Monday, May 02, 2011

Instantly Erroneous

I've been perusing the usual news sites last night and this morning, along with news sites I don't normally visit, thanks to the furious barrage of links and comments and speculation on my friends' facebook pages.

I've discovered that Fox News was reporting that Usama bin Landen [sic] was confrimed [sic] dead. Half an hour later, someone thought to become a professional and the two misspellings were corrected.

I've seen several websites (including wikipedia) announce confidently that Osama has been dead for a week; most of those sites now report that he was killed on May 1, 2011.

Some sites are currently reporting that Osama has been buried at sea, citing Islamic tradition and a general disinclination among the world's leaders to pollute their soil with his remains. Other sites are reporting that the US is maintaining its custody of his body in order to ensure acceptance of its claim to have killed him. I'm sure when an official statement is made as to the disposition of Osama's body, everyone will revise his website accordingly.

Some of my friends, especially those disinclined to trust anything with a liberal provenance, are already generating conspiracy theories to account for the discrepancies between Obama's official announcement and the maelstrom of unsubstantiated "facts" that overtook cybernews outlets while we were all waiting for that announcement.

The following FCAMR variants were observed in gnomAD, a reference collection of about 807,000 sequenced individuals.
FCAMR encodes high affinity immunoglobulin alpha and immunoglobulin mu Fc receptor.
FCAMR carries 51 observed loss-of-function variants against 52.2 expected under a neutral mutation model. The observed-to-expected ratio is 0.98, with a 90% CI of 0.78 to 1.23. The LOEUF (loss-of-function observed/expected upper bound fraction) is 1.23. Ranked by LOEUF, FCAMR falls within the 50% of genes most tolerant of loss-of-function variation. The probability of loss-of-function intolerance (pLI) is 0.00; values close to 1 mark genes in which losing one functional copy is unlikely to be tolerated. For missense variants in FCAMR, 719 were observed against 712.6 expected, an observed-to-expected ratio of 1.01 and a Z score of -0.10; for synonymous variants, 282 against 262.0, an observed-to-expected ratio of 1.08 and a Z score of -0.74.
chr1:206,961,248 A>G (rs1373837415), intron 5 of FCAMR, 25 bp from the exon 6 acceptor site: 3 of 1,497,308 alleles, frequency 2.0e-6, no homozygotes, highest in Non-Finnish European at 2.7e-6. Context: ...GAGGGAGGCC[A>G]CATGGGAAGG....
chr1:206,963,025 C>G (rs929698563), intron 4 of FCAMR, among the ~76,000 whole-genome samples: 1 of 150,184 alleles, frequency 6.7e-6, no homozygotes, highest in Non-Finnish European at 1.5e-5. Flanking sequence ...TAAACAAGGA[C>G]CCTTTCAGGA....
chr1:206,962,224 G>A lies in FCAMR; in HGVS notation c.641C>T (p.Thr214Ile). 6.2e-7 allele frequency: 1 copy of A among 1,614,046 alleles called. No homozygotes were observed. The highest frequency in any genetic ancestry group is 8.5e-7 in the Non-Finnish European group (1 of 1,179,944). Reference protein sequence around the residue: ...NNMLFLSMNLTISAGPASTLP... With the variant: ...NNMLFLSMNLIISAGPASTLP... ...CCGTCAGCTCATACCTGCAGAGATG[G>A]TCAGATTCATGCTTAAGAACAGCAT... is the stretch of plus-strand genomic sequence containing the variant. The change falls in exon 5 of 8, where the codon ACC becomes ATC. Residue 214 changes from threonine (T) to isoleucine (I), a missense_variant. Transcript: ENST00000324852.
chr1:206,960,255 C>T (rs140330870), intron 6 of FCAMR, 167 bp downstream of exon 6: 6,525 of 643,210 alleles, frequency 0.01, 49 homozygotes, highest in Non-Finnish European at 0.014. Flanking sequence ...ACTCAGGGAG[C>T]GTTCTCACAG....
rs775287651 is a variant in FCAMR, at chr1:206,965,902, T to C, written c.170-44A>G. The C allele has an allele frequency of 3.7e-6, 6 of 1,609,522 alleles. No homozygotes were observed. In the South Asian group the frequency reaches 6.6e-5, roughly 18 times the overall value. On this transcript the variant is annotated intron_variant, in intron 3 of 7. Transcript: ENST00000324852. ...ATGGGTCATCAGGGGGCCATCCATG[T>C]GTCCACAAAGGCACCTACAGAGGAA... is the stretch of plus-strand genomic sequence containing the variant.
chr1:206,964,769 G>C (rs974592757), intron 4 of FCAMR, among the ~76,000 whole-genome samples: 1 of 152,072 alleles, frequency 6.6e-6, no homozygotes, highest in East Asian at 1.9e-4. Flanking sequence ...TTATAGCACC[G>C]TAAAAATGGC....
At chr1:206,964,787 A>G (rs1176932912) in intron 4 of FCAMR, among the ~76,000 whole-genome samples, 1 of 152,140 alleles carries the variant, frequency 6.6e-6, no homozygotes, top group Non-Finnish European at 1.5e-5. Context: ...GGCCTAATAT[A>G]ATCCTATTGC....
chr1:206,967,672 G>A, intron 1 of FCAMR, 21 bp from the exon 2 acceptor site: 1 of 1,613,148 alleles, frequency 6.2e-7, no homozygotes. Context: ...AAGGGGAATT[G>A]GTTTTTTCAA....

Peace, be still, my friends.

There is no need for such speculation.

The explanation is far simpler and far more troubling.

The intentional impermanence of cyberspace combined with the demand for incessantly instantaneous news has created an ethos of irresponsibility in online reporting. Getting it out trumps getting it right.

In print media, the error abides; it gazes up at one, accusingly, preserved in library archives (what is the new microfiche?) for posterity. The penance only perpetuates the failure: the necessary published retraction ensures that there are two artifacts instead of one. The damage to the reporter's and the paper's reputation was tangible.

There is no failure in online reporting. There is no retraction, no mea culpa. There is only perpetual revision. Reputation need not matter.

And, of course, affiliation counts for more than accuracy these days anyway, doesn't it? One's political leanings (whether implied or avowed) are far more important for developing a loyal readership than one's accumulated record.

And if there is no more accumulated record? So much the better.

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